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Video: Mike Cotty's 674km, 34-hour, 16,000m Trans-Alps epic, part two

Conclusion of Mike's inspiring ride across the lumpy bit of Europe...

In one of the more bonkers endurance epics of a summer that seemed to be full of them, on August 5 and 6 Mike Cotty rode 674km from Evian-les-Bains to Nice in under 34 hours, crossing 17 passes and climbing 16,000m on the way.

Shortly after, his sponsor Mavic released the first of two videos of the ride, covering the section from Evian-les-Bains to the top of the Galibier.

In part two we rejoin Mike just as dawn breaks over the Alps and he contemplates the 2,800m Col de la Bonette.

Mike says: “When I put the plan together I wasn’t sure I had the ability to do it, but part of the fun is just trying. I get a lot of satisfaction from pushing myself and seing if I can rise to the challenge.”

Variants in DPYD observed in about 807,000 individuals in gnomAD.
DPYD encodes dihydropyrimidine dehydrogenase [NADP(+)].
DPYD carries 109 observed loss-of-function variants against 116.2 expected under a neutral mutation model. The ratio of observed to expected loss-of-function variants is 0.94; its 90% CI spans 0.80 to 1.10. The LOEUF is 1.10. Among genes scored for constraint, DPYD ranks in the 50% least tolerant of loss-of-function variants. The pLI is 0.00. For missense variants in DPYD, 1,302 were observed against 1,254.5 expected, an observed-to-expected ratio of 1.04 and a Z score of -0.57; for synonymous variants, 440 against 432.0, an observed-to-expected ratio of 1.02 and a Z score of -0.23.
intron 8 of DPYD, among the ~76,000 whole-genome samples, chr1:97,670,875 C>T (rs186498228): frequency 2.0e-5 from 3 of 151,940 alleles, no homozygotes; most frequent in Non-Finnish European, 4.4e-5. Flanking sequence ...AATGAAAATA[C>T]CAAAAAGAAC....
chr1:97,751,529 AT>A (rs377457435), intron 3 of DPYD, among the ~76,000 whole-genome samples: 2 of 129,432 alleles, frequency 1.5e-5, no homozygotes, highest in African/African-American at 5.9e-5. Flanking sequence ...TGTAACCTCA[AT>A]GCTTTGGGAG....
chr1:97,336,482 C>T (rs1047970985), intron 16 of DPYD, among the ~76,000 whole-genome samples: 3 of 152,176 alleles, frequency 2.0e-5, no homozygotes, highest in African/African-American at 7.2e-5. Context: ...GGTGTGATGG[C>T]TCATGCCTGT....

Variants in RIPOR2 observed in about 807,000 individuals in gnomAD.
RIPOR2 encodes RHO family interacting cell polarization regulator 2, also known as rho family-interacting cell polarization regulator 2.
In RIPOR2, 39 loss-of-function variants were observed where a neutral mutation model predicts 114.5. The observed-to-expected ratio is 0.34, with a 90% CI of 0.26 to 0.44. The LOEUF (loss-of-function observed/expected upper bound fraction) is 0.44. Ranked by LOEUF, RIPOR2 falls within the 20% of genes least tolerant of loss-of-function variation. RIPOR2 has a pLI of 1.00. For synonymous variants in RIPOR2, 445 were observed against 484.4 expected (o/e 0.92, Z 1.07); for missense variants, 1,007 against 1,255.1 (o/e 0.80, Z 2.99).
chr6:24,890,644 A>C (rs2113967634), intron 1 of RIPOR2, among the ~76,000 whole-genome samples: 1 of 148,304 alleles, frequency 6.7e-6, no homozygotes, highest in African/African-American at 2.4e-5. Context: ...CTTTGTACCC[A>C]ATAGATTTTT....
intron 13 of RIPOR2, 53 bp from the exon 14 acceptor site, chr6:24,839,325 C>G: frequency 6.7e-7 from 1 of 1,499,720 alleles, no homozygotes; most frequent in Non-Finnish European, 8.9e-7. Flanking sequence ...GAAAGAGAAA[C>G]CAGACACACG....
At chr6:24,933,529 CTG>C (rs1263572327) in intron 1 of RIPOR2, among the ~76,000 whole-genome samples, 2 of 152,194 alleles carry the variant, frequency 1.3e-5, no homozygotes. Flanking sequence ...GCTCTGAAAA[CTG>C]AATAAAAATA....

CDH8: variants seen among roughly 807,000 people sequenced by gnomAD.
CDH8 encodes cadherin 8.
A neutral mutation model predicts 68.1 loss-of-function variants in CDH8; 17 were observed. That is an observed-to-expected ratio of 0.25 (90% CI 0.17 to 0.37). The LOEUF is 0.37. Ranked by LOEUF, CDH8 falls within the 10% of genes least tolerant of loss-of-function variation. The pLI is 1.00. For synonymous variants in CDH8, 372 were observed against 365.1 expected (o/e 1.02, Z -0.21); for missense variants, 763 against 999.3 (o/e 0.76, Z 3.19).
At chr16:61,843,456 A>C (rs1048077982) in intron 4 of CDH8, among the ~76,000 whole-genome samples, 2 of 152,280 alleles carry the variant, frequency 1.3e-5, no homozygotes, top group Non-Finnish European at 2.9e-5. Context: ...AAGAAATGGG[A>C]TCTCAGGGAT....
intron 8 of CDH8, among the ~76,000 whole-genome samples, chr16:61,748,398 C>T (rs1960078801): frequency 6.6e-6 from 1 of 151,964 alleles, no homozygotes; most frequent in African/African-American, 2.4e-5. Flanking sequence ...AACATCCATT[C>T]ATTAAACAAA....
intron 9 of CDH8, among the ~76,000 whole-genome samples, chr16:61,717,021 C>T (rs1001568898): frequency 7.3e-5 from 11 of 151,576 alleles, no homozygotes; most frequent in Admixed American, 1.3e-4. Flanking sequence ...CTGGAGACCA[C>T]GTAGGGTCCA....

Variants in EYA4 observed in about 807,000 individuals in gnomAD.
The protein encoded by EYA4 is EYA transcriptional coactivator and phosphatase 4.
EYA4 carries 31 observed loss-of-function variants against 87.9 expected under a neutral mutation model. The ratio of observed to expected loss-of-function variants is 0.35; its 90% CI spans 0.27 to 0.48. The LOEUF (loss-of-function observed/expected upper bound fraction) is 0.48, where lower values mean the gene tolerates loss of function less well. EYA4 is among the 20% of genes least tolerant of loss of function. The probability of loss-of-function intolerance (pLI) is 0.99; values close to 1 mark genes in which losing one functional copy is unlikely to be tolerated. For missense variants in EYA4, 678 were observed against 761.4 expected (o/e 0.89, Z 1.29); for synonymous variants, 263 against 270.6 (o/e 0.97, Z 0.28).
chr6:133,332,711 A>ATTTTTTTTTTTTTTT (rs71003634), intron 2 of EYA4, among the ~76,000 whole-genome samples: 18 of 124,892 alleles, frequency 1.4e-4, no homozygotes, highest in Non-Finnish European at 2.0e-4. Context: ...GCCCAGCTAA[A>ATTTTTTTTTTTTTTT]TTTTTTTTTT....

Rise to it he did. Chapeau!

John has been writing about bikes and cycling for over 30 years since discovering that people were mug enough to pay him for it rather than expecting him to do an honest day's work.

He was heavily involved in the mountain bike boom of the late 1980s as a racer, team manager and race promoter, and that led to writing for Mountain Biking UK magazine shortly after its inception. He got the gig by phoning up the editor and telling him the magazine was rubbish and he could do better. Rather than telling him to get lost, MBUK editor Tym Manley called John’s bluff and the rest is history.

Since then he has worked on MTB Pro magazine and was editor of Maximum Mountain Bike and Australian Mountain Bike magazines, before switching to the web in 2000 to work for Along with founder Tony Farrelly, John was on the launch team for and subsequently became editor in chief of Future Publishing’s group of cycling magazines and websites, including Cycling Plus, MBUK, What Mountain Bike and Procycling.

John has also written for Cyclist magazine, edited the BikeMagic website and was founding editor of before handing over to someone far more representative of the site's main audience.

He joined in 2013. He lives in Cambridge where the lack of hills is more than made up for by the headwinds.

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